A Sit-In in the House of Representatives

I was fortunate enough, as an intern this summer for Rep. Marc Veasey (D-TX-33), to witness last week’s historic sit-in by Democrats on the House floor. I was at a hearing of the House Armed Services ...

I was fortunate enough, as an intern this summer for Rep. Marc Veasey (D-TX-33), to witness last week’s historic sit-in by Democrats on the House floor. I was at a hearing of the House Armed Services Committee when the sit-in began Wednesday morning. At one point I realized that there was only one Democrat left in the room, Rep. Jim Langevin (D-RI-2), who had to stay for the hearing but later joined his colleagues in the sit-in. Unaware what was happening on the floor, I left the hearing ended and went back to my office. Over the next 25 hours, I would go to the House gallery three times to view the proceedings.

A little after noon, I came back to Rep. Veasey’s office and heard news of the sit-in. C-SPAN was not yet broadcasting the Periscope and Facebook Live feeds from members, so we were getting all of our information from Twitter. The news was from members and authorized press only, as staff members and the public cannot have phones in the chamber.

I went up to the gallery, already so packed with interns and staffers that I had to wait in line, an hour later. The House was in relative order. Rep. John Larsen (D-CT-1) presided over the members, and he followed some Parliamentary procedure, maintaining a speaking list throughout. While many of the speeches were punctuated with chants of “No Bill! No Break!” it was clear that the event was highly organized. As Rep. Larsen appropriately put it while speaking on the floor, it felt more like a teach-in than a sit-in. Everyone who was recognized to speak had something different to say about gun violence or violence against the LGBTQ community, and what kind of legislation should be adopted to stop it. Rep. Mark Pocan (D-WI-2) recounted how, 27 years ago, he had enjoyed a night at a gay club, only to be beaten when leaving. He said he was disappointed, coming back to Washington after the Orlando shooting, because he knew nothing would change.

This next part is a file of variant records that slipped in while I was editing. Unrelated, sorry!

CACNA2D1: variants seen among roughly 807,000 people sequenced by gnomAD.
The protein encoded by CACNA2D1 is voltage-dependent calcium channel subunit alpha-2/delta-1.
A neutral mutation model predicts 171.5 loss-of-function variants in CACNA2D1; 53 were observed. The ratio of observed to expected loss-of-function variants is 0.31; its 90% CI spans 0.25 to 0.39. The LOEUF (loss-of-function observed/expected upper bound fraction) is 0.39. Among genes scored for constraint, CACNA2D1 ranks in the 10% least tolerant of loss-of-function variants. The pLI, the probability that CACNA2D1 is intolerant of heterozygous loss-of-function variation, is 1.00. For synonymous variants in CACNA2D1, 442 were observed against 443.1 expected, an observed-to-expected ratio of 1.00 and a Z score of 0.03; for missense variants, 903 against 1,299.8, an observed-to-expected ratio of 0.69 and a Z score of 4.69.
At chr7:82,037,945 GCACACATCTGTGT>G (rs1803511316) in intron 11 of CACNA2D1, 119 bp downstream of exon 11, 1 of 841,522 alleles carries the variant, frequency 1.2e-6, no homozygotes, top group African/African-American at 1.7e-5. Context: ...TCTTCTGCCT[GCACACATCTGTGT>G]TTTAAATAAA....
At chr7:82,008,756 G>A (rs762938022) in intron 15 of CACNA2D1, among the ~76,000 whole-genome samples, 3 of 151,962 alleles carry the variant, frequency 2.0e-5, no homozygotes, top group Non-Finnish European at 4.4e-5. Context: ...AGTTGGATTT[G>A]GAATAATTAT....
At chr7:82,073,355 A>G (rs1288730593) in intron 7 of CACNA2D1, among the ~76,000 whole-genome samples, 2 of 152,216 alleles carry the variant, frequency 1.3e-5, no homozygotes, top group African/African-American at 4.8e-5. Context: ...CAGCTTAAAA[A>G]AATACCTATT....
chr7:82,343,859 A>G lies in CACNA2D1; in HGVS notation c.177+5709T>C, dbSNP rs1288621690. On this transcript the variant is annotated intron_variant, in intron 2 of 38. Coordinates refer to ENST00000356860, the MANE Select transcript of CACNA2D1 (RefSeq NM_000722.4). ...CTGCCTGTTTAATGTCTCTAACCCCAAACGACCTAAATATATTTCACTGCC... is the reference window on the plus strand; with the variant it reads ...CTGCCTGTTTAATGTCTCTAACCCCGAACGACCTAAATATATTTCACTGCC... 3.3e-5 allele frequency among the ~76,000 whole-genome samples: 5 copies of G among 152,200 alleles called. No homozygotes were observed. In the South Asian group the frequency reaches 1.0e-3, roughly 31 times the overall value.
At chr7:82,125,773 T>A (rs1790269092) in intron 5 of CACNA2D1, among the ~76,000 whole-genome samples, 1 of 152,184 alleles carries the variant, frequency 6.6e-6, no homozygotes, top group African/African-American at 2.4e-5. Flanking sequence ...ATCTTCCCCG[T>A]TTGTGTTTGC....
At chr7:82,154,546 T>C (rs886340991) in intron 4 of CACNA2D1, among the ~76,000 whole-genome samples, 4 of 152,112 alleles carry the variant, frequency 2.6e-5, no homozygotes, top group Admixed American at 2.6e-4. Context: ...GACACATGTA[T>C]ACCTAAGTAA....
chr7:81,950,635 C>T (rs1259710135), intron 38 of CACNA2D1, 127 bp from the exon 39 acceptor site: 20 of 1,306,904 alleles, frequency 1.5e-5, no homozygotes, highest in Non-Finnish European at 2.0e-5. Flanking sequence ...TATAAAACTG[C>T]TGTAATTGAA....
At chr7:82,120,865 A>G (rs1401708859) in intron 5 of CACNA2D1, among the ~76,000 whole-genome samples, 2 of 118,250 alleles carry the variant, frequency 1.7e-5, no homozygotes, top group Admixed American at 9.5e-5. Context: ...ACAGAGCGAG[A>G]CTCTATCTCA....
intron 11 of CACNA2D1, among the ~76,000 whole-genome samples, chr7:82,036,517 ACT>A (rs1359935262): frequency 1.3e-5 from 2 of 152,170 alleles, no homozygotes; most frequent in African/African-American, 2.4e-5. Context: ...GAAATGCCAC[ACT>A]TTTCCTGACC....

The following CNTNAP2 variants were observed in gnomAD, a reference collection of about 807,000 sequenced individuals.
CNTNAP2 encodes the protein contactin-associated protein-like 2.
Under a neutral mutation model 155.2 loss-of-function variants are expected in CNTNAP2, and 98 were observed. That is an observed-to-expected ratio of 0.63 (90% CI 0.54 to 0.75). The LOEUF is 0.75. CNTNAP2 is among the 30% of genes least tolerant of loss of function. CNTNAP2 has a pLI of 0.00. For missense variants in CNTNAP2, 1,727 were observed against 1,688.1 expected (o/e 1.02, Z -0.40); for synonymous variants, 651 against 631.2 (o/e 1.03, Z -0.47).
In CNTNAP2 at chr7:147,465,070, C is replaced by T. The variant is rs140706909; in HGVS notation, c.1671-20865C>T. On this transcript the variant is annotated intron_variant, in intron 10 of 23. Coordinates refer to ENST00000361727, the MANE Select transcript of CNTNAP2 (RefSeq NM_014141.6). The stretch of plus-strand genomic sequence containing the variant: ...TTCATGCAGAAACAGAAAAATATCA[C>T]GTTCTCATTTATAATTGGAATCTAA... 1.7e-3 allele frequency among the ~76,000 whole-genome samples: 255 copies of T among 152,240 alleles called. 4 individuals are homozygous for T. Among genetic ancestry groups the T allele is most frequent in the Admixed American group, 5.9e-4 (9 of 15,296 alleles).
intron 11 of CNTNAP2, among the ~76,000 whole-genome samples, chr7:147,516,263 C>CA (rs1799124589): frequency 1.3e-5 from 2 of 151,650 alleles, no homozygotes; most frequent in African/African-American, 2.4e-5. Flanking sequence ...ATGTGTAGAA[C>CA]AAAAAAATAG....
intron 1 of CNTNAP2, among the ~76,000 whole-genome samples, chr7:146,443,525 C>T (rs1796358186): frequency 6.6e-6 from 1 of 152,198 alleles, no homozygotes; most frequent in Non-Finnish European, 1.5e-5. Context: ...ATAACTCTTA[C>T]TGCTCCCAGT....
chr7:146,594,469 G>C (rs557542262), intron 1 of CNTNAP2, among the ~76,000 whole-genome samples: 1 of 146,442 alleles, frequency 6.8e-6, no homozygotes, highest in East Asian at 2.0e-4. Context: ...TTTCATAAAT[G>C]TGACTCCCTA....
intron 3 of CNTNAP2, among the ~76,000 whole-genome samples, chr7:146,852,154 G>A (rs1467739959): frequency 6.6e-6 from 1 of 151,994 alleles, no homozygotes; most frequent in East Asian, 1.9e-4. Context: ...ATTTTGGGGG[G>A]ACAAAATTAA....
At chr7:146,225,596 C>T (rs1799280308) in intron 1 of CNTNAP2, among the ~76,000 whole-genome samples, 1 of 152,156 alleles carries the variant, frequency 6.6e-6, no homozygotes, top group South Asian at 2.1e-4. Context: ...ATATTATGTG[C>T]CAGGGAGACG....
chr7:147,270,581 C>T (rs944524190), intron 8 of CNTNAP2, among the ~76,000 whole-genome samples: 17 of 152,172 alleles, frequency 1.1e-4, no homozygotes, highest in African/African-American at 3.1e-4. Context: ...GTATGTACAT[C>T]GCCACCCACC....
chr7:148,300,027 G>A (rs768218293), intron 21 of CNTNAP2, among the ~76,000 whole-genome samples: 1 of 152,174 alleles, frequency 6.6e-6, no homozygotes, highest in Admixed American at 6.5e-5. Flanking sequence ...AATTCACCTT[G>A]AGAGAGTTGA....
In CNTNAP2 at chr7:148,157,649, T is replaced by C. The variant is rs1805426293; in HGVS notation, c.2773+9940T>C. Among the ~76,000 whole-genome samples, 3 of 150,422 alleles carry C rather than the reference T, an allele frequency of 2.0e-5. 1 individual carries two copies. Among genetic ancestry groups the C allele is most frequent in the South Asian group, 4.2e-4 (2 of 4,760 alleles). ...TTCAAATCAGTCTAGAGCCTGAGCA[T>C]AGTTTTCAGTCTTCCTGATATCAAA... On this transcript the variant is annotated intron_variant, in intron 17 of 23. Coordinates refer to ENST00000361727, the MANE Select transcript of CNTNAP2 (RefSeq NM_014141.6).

The line to get into the gallery was long. When I finally entered, I looked down to see if there were really Members of Congress sitting on the floor of the House. There were many members there when I first arrived. I stayed and watched for an hour while the speakers took turns and more members, including some Senators, continued to arrive. Most members sat in chairs, although some, including Rep. John Lewis (D-GA-5), the leader of the sit-in, and Sen. Al Franken (D-MN), never left the floor. After about two hours, I returned to my office to finish work for the day.

Late that afternoon, as the work day came to a close, I went back to the House gallery. Rep. Larsen was still orchestrating the speaking list, and called Rep. Scott Peters (D-CA-52) to the podium. Rep. Peters and Rep. Beto O’Rourke (D-TX-16) were streaming the sit-in by then, through live feeds on their Periscope and Facebook Live accounts, respectively. Peters spent his introductory comments joking about members who’d approached the microphone and adjusted it, as if it was on. The microphones and television cameras in the chamber are controlled by the House majority, and had been turned off throughout the sit-in.